If ever there was a week to be conspiratorial, it was this one. First, four ‘unidentified flying objects’ were shot down in American airspace. Then there was the release of a dossier by veteran Pulitzer Prize-winning journalist Seymour Hersh claiming to prove America’s part in the Nord Stream pipeline sabotage. And finally, a freight train derailed in Ohio, causing a toxic plume of vinyl chloride to hang over the village of East Palestine. The exact area of the spill had been used just last year as the setting of White Noise, a Netflix adaptation of Don DeLillo’s 1985 novel about an ‘Airborne Toxic Event’.
If ever there was a week to be nostalgic, it was also this one. Western conspiracists seem to be returning to a retro set of stories about the mysteries of the universe. Aliens, an absolute mainstay of theorists of the ’90s and noughties like David Icke, are finally back in fashion. Reported sightings of extraterrestrial aerial phenomena are on the up, with the Office of the Director of National Intelligence recording 510 sightings in 2022 compared to 366 in 2021.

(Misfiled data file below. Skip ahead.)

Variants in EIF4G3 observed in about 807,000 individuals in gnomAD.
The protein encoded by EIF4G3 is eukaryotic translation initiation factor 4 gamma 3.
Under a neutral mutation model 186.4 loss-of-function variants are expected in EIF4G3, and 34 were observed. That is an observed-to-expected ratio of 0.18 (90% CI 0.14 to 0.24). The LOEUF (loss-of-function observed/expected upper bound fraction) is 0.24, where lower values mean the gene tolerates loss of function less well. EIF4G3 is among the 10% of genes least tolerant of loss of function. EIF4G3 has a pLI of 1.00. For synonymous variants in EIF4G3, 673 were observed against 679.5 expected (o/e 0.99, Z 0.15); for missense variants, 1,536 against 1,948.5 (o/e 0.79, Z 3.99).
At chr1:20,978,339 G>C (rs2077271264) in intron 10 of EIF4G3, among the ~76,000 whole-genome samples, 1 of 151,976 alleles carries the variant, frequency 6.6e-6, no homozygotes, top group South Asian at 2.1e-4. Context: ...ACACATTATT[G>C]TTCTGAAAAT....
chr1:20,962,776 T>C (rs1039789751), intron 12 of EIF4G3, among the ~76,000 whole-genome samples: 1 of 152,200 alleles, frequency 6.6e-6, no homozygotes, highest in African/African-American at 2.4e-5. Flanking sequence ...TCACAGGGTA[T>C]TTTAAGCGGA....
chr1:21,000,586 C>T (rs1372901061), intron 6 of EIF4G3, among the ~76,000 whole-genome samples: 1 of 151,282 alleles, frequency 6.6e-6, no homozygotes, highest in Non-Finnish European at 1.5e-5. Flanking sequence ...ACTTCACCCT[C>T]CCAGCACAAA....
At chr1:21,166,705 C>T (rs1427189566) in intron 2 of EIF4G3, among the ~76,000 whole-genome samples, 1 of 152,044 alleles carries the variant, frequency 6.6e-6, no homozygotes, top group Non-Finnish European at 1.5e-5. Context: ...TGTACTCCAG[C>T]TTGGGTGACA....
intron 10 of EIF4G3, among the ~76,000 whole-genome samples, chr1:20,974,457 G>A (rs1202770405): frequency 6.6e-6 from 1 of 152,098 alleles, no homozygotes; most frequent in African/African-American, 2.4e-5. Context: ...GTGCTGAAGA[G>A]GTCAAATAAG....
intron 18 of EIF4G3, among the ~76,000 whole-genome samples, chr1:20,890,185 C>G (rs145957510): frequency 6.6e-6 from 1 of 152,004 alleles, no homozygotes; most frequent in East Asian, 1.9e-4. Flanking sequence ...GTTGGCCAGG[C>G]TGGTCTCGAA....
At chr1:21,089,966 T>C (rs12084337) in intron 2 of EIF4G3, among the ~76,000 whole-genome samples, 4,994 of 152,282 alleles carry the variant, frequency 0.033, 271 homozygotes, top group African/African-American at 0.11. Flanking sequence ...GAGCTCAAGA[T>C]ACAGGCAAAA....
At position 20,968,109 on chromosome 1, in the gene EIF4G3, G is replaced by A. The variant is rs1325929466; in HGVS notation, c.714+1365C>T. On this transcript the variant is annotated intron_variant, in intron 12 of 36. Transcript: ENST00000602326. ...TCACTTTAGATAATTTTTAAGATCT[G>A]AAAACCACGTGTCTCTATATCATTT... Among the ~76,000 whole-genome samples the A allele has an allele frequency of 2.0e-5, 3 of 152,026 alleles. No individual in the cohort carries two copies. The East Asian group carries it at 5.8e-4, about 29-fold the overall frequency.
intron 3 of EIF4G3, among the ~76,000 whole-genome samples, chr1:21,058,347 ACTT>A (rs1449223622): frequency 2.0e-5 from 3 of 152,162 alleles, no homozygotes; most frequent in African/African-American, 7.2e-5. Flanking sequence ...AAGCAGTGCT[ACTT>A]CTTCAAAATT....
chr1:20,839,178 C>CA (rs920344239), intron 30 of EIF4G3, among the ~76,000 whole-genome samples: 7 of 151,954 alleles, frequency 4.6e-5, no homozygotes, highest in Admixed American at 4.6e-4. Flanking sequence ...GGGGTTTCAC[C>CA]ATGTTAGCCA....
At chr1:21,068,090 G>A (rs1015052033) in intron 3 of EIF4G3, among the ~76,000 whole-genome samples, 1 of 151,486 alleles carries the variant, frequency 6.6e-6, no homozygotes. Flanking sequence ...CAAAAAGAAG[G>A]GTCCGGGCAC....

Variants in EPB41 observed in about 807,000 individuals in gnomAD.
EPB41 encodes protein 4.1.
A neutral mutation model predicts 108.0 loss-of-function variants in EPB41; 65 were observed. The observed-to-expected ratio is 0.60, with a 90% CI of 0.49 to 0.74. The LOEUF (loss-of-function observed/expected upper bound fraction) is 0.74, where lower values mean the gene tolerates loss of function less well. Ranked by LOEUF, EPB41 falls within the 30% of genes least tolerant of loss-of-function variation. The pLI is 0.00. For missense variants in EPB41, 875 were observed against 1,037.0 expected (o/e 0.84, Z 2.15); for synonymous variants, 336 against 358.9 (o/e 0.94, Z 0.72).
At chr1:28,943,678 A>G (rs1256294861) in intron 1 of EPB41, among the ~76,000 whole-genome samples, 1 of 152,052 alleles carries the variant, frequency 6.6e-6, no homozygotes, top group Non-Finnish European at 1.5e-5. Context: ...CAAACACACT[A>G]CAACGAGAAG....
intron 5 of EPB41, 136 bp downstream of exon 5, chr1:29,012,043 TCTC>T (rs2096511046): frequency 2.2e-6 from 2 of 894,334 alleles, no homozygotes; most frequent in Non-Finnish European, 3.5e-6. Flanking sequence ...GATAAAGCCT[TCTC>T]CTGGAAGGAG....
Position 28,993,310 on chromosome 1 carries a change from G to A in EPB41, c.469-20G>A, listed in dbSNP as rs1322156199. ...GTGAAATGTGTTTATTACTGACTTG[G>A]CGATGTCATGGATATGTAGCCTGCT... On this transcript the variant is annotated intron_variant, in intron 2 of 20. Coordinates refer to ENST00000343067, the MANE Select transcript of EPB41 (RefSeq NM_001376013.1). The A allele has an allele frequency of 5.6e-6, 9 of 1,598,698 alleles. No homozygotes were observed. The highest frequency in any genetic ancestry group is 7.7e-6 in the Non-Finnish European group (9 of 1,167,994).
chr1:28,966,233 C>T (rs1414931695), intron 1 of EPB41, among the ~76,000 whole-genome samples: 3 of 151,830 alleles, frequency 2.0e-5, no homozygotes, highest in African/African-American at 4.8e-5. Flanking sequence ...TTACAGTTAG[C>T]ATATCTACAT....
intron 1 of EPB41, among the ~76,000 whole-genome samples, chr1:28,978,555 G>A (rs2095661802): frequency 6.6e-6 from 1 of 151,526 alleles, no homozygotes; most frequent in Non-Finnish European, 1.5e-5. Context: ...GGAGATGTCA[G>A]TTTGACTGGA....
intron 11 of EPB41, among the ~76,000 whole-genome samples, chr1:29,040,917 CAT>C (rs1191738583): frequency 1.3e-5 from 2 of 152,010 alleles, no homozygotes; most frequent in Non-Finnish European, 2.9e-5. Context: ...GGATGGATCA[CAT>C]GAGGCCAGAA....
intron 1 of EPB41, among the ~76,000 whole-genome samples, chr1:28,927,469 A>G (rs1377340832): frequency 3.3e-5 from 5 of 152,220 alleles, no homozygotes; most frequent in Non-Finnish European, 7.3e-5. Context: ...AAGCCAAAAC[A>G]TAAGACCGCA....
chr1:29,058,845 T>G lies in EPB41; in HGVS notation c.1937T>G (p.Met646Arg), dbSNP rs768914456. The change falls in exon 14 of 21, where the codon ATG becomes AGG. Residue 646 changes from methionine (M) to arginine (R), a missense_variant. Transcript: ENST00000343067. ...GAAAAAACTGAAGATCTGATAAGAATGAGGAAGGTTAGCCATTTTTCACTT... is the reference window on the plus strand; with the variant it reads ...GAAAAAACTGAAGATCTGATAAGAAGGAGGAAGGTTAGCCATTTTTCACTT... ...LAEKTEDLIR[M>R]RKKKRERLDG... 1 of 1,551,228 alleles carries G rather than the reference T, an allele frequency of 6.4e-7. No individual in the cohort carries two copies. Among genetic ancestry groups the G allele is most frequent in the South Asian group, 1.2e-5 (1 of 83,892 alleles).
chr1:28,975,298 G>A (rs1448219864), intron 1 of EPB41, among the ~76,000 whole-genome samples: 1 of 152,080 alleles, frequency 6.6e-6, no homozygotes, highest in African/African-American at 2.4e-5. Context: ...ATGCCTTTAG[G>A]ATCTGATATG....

A resurgent interest in vintage conspiracies can be traced back to the earliest days of the pandemic. In 2021 new footage alleging to be of ‘Bigfoot’ taken in Idaho coincided with a five-year high in US Google searches for ‘Sasquatch’. Such was the reignited interest in chemtrails in the same year that National Geographic felt compelled to publish a debunking by the US Air Force. The Loch Ness monster was ‘spotted’ (according to Scotland’s official ‘Sightings Register’) more times in 2021 than any other year, partly thanks to a webcam set up on the banks of the lake.
The increasingly disassociated nature of post-pandemic conspiracy might be to blame. Polling released this week by UnHerd shows that 38% of the British population agrees that ‘the world is controlled by a secretive elite’. Biomedical disaster weaponised to curtail freedoms, the World Economic Forum making grand plans for a one-world-government and 5G towers spreading disease are all distinctly de-personalised and tech-inflected theories. Unlike Bigfoot or ET, these contemporary conspirators cannot be caught in the act or ‘come in peace’. When it comes to finding joy rather than nihilism in speculation, you can’t beat the classics.